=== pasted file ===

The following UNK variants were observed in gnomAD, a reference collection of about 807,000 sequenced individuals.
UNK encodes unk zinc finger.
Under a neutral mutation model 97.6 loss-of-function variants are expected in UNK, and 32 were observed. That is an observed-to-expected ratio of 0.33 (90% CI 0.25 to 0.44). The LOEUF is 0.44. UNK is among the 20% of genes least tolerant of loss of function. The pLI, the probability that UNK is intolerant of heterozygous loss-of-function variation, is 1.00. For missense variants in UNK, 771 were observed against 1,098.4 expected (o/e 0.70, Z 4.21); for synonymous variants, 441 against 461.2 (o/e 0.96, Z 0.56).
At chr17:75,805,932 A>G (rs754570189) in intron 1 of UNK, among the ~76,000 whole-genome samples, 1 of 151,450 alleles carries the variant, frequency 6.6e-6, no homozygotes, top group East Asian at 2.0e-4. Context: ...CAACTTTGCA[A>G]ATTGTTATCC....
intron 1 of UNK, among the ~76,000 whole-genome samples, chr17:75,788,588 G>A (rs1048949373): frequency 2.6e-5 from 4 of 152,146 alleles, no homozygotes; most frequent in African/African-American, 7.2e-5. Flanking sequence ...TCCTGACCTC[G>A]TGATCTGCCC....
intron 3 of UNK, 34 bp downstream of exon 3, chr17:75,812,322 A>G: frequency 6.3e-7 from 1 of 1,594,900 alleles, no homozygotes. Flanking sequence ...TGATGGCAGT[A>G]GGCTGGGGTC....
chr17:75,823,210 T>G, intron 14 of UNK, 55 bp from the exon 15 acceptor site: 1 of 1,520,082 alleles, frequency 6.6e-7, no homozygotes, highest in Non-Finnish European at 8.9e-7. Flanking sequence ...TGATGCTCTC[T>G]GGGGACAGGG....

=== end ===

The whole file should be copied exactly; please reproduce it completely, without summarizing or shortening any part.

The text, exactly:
The following UNK variants were observed in gnomAD, a reference collection of about 807,000 sequenced individuals.
UNK encodes unk zinc finger.
Under a neutral mutation model 97.6 loss-of-function variants are expected in UNK, and 32 were observed. That is an observed-to-expected ratio of 0.33 (90% CI 0.25 to 0.44). The LOEUF is 0.44. UNK is among the 20% of genes least tolerant of loss of function. The pLI, the probability that UNK is intolerant of heterozygous loss-of-function variation, is 1.00. For missense variants in UNK, 771 were observed against 1,098.4 expected (o/e 0.70, Z 4.21); for synonymous variants, 441 against 461.2 (o/e 0.96, Z 0.56).
At chr17:75,805,932 A>G (rs754570189) in intron 1 of UNK, among the ~76,000 whole-genome samples, 1 of 151,450 alleles carries the variant, frequency 6.6e-6, no homozygotes, top group East Asian at 2.0e-4. Context: ...CAACTTTGCA[A>G]ATTGTTATCC....
intron 1 of UNK, among the ~76,000 whole-genome samples, chr17:75,788,588 G>A (rs1048949373): frequency 2.6e-5 from 4 of 152,146 alleles, no homozygotes; most frequent in African/African-American, 7.2e-5. Flanking sequence ...TCCTGACCTC[G>A]TGATCTGCCC....
intron 3 of UNK, 34 bp downstream of exon 3, chr17:75,812,322 A>G: frequency 6.3e-7 from 1 of 1,594,900 alleles, no homozygotes. Flanking sequence ...TGATGGCAGT[A>G]GGCTGGGGTC....
chr17:75,823,210 T>G, intron 14 of UNK, 55 bp from the exon 15 acceptor site: 1 of 1,520,082 alleles, frequency 6.6e-7, no homozygotes, highest in Non-Finnish European at 8.9e-7. Flanking sequence ...TGATGCTCTC[T>G]GGGGACAGGG....